We stopped for an early lunch and then headed for some shade to put up some dormouse boxes. We had a report of an animal seen in a small willow a few weeks ago which sounded quiet good for this species, but which we have not certainly recorded on the reserve. So we have put out five boxes in a suitable area and see if we can confirm them as present. Dormice will sleep during the peak of the summer so I don’t expect we will get any signs of occupancy for at least several months, possibly even until next year.

When I was locking up I saw my first common tern chick attempting to fly, it ended in a splash-down in the lake but this is not normally a problem for them unless they have been very prematurely forced from the raft. Tern chicks swim well and we have refuges for them to climb out onto. Also on Ivy Lake it was interesting to see two new coot nests, it seems very late for them to be starting here, but this has been an odd season for coot. In the spring all the coot left, just when they would normally have been starting to nest and they only really returned around six weeks ago and then seemed only interested in feeding.

At home my moth trap had caught another small elephant hawk-moth, a pine hawk-moth, buff arches and 2 festoon.

What’s in My Meadow Today?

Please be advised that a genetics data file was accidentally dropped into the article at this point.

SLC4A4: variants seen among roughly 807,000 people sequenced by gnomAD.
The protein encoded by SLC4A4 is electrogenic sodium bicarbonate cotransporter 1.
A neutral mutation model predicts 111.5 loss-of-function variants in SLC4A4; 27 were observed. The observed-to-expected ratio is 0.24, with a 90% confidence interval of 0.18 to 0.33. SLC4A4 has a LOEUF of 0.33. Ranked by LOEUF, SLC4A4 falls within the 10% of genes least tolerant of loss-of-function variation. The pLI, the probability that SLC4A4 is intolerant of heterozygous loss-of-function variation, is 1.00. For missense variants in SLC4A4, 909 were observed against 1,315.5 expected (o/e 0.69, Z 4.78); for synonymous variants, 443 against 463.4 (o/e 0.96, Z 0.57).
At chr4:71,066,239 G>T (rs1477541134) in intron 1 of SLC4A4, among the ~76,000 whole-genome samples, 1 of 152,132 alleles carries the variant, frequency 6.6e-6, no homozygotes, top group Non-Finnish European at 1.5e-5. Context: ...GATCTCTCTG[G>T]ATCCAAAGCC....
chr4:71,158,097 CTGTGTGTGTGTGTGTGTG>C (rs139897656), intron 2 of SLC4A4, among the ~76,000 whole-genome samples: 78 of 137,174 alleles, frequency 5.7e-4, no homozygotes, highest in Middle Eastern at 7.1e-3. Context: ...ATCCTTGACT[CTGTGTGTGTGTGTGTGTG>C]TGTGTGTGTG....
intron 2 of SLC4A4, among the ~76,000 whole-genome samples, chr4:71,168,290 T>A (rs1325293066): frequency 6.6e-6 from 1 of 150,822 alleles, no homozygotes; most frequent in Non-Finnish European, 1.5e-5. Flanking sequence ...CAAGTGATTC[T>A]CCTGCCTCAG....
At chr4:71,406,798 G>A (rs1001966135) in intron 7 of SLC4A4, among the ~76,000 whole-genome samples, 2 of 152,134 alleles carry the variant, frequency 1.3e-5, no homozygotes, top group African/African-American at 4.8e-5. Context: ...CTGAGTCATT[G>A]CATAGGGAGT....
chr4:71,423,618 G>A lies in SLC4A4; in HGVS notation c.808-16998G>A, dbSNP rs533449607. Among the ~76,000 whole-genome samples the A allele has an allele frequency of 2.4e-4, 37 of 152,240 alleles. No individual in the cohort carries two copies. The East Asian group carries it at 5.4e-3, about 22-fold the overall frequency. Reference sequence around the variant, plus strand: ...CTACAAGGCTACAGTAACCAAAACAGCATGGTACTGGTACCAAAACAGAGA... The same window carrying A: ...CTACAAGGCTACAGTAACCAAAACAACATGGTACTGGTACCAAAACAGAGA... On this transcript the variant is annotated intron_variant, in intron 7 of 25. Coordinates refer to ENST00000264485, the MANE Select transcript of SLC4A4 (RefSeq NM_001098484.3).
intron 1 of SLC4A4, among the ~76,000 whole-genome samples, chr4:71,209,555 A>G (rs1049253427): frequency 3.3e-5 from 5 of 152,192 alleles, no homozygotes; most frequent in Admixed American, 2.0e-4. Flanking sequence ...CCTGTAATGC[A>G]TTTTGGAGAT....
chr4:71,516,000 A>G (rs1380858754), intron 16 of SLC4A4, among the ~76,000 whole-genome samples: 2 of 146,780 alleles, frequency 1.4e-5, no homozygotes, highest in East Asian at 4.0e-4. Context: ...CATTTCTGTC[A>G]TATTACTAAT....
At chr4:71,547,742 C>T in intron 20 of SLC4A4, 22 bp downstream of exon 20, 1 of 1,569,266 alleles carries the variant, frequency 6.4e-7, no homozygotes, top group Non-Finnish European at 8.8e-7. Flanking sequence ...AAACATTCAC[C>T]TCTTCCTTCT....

Although the grass is high one of the interesting elements to a hay meadow is that the mix herb species means that the structure is many layered. There are flowering plants with their head above the top of the grass stems, but also low down just a few centimetres above the ground level. One of the ground floor residents and a very good nectar source is selfheal, which is coming to the end of its flowering season now.

selfheal

selfheal

I confess I had never looked very closely at the flowers of this common plant before, so had never noticed the “spines” on the tops of the flowers. I do not know their purpose, but perhaps they are to encourage insects to use only the open “front door” to the flower, which is where they will pick up the pollen that the plants wants transporting to the next flower.

Not many of the  “30 Days” left now and day 27 will be spent in meeting, so wildlife might be in short supply!